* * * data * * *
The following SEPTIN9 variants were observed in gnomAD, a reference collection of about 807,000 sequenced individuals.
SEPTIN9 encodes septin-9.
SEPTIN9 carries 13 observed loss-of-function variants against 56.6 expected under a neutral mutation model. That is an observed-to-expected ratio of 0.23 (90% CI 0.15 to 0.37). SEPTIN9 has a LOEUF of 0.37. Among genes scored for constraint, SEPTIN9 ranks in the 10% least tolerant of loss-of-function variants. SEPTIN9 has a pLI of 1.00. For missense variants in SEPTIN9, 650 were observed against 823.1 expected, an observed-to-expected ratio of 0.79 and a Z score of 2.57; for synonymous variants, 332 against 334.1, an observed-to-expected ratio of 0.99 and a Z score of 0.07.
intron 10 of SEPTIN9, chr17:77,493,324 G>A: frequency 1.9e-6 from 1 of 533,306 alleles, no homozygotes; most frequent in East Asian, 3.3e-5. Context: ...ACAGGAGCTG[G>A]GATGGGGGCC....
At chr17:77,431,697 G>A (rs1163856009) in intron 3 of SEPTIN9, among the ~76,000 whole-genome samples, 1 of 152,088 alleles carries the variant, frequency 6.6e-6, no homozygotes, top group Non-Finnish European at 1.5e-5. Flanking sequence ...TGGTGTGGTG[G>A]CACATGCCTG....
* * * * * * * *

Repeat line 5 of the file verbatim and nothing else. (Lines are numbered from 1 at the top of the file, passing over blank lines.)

At chr17:77,431,697 G>A (rs1163856009) in intron 3 of SEPTIN9, among the ~76,000 whole-genome samples, 1 of 152,088 alleles carries the variant, frequency 6.6e-6, no homozygotes, top group Non-Finnish European at 1.5e-5. Flanking sequence ...TGGTGTGGTG[G>A]CACATGCCTG....